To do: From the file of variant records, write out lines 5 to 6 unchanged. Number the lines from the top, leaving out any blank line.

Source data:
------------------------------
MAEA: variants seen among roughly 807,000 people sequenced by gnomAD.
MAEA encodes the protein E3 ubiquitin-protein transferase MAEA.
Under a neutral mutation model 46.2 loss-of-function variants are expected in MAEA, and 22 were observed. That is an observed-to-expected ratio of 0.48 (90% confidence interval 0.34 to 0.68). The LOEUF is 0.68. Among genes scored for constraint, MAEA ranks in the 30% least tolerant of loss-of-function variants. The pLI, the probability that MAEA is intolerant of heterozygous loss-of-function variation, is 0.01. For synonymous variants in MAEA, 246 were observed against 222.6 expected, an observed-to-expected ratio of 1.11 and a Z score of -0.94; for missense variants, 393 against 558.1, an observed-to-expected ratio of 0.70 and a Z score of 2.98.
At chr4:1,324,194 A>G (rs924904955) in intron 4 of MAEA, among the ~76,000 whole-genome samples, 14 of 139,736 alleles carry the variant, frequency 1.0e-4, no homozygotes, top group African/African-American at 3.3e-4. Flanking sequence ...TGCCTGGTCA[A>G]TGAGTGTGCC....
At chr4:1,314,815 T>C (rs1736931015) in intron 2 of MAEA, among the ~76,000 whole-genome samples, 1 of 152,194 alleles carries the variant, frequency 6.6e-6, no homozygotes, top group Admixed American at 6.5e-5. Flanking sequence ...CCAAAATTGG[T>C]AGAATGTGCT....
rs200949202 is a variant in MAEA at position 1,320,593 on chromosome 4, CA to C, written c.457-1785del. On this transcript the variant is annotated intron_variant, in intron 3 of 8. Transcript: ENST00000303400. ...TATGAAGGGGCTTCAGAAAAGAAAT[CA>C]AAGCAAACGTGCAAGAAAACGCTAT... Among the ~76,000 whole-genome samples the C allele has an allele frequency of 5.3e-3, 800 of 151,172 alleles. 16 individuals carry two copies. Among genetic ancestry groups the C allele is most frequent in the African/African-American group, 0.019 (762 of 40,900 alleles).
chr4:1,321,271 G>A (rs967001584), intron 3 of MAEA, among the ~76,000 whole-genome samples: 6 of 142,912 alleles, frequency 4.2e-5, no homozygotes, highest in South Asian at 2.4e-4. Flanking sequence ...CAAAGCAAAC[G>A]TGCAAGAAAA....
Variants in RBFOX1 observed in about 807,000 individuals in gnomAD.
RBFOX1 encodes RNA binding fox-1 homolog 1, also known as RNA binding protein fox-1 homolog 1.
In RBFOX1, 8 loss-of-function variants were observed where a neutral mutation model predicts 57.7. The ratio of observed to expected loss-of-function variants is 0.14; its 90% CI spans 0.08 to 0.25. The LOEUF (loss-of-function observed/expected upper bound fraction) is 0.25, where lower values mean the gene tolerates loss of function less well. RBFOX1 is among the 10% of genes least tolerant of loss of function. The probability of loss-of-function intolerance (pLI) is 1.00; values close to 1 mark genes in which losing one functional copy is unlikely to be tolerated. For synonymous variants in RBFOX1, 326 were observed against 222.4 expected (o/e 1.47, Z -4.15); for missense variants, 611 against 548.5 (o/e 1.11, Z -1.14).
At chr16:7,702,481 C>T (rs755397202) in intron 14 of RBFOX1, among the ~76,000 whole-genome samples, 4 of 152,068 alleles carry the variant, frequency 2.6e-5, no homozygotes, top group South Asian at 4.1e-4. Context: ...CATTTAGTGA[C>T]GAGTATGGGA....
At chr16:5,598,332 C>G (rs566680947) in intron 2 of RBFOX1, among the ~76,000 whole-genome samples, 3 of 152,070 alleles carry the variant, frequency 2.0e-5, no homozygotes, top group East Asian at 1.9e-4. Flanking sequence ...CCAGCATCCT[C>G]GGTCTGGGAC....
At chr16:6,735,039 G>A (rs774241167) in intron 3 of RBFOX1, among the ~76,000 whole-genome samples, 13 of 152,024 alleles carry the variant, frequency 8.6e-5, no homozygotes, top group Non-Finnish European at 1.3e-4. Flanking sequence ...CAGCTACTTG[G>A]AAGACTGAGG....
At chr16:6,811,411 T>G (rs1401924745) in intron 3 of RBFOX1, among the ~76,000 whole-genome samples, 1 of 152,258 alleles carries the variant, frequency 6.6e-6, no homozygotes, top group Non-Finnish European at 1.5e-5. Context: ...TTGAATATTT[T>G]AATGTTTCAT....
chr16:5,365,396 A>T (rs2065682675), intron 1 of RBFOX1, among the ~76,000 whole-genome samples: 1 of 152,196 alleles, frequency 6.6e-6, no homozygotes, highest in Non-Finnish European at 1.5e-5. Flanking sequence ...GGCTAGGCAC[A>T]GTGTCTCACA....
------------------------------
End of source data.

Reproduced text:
At chr4:1,314,815 T>C (rs1736931015) in intron 2 of MAEA, among the ~76,000 whole-genome samples, 1 of 152,194 alleles carries the variant, frequency 6.6e-6, no homozygotes, top group Admixed American at 6.5e-5. Flanking sequence ...CCAAAATTGG[T>C]AGAATGTGCT....
rs200949202 is a variant in MAEA at position 1,320,593 on chromosome 4, CA to C, written c.457-1785del. On this transcript the variant is annotated intron_variant, in intron 3 of 8. Transcript: ENST00000303400. ...TATGAAGGGGCTTCAGAAAAGAAAT[CA>C]AAGCAAACGTGCAAGAAAACGCTAT... Among the ~76,000 whole-genome samples the C allele has an allele frequency of 5.3e-3, 800 of 151,172 alleles. 16 individuals carry two copies. Among genetic ancestry groups the C allele is most frequent in the African/African-American group, 0.019 (762 of 40,900 alleles).